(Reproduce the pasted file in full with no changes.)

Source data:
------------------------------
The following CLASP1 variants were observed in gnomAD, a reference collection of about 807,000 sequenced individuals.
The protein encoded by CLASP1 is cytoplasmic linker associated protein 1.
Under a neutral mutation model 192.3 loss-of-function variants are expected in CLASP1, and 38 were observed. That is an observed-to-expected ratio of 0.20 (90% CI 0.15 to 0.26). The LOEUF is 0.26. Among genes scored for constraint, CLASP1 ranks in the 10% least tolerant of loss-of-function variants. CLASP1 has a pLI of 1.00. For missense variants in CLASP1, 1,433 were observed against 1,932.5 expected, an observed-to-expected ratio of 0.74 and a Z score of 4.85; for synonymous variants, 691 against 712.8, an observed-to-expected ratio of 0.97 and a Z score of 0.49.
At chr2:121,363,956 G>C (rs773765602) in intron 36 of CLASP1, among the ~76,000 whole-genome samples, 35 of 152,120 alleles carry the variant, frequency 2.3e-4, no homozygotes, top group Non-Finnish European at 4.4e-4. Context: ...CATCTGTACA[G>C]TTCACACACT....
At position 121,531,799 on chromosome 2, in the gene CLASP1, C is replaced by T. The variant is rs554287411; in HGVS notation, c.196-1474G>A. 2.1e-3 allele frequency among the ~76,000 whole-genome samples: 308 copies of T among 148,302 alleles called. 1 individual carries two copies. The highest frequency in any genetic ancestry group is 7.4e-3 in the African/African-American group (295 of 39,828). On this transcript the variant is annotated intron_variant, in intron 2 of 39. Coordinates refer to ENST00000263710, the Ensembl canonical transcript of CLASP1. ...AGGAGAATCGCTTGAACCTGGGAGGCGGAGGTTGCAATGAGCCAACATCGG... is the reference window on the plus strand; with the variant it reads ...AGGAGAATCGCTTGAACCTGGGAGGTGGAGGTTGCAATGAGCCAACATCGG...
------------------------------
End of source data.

The following CLASP1 variants were observed in gnomAD, a reference collection of about 807,000 sequenced individuals.
The protein encoded by CLASP1 is cytoplasmic linker associated protein 1.
Under a neutral mutation model 192.3 loss-of-function variants are expected in CLASP1, and 38 were observed. That is an observed-to-expected ratio of 0.20 (90% CI 0.15 to 0.26). The LOEUF is 0.26. Among genes scored for constraint, CLASP1 ranks in the 10% least tolerant of loss-of-function variants. CLASP1 has a pLI of 1.00. For missense variants in CLASP1, 1,433 were observed against 1,932.5 expected, an observed-to-expected ratio of 0.74 and a Z score of 4.85; for synonymous variants, 691 against 712.8, an observed-to-expected ratio of 0.97 and a Z score of 0.49.
At chr2:121,363,956 G>C (rs773765602) in intron 36 of CLASP1, among the ~76,000 whole-genome samples, 35 of 152,120 alleles carry the variant, frequency 2.3e-4, no homozygotes, top group Non-Finnish European at 4.4e-4. Context: ...CATCTGTACA[G>C]TTCACACACT....
At position 121,531,799 on chromosome 2, in the gene CLASP1, C is replaced by T. The variant is rs554287411; in HGVS notation, c.196-1474G>A. 2.1e-3 allele frequency among the ~76,000 whole-genome samples: 308 copies of T among 148,302 alleles called. 1 individual carries two copies. The highest frequency in any genetic ancestry group is 7.4e-3 in the African/African-American group (295 of 39,828). On this transcript the variant is annotated intron_variant, in intron 2 of 39. Coordinates refer to ENST00000263710, the Ensembl canonical transcript of CLASP1. ...AGGAGAATCGCTTGAACCTGGGAGGCGGAGGTTGCAATGAGCCAACATCGG... is the reference window on the plus strand; with the variant it reads ...AGGAGAATCGCTTGAACCTGGGAGGTGGAGGTTGCAATGAGCCAACATCGG...